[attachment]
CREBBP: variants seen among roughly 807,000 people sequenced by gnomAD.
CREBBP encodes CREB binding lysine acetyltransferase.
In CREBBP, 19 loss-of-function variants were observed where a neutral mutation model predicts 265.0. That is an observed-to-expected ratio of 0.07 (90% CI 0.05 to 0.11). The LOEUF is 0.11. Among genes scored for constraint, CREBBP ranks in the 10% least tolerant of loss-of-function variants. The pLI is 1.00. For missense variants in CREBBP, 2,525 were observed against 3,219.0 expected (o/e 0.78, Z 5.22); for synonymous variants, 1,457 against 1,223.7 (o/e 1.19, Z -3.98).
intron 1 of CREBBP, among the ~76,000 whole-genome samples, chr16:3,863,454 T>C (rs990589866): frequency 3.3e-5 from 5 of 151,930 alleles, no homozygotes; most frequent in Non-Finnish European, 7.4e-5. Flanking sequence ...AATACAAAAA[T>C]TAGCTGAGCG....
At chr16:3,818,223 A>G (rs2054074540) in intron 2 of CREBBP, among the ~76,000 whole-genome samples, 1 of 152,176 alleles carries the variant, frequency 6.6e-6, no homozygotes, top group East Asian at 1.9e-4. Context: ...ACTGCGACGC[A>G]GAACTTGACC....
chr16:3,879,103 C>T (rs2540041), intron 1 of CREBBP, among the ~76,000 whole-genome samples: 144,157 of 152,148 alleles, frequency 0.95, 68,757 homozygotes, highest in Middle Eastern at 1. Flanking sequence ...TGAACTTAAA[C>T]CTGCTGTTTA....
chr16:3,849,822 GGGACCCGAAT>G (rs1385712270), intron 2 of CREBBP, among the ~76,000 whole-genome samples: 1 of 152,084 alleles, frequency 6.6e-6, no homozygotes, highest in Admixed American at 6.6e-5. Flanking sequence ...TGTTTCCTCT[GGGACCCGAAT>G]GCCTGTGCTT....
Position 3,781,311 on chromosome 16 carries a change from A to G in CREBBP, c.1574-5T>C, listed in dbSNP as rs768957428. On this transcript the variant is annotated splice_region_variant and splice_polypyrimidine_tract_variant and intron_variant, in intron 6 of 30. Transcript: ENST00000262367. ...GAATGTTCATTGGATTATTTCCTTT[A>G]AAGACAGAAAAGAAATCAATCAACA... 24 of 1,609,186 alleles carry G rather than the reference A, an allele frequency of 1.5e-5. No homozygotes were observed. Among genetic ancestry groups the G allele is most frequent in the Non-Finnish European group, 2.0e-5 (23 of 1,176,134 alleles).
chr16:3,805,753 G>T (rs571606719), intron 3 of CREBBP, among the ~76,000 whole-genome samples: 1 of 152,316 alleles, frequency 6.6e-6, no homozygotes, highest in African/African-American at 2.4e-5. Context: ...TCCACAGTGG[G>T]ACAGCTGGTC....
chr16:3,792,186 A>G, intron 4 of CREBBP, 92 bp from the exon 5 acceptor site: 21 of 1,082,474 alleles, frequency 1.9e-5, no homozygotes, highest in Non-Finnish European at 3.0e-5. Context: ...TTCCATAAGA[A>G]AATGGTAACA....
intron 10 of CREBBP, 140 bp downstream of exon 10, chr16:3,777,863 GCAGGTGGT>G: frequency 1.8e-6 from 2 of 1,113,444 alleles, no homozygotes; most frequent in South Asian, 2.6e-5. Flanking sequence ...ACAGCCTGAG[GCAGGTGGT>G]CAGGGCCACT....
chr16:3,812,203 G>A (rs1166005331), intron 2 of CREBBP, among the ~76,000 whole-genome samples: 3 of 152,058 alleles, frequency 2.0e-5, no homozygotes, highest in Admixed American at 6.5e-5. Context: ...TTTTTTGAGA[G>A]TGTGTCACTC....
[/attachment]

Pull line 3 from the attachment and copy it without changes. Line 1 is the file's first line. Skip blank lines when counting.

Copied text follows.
In CREBBP, 19 loss-of-function variants were observed where a neutral mutation model predicts 265.0. That is an observed-to-expected ratio of 0.07 (90% CI 0.05 to 0.11). The LOEUF is 0.11. Among genes scored for constraint, CREBBP ranks in the 10% least tolerant of loss-of-function variants. The pLI is 1.00. For missense variants in CREBBP, 2,525 were observed against 3,219.0 expected (o/e 0.78, Z 5.22); for synonymous variants, 1,457 against 1,223.7 (o/e 1.19, Z -3.98).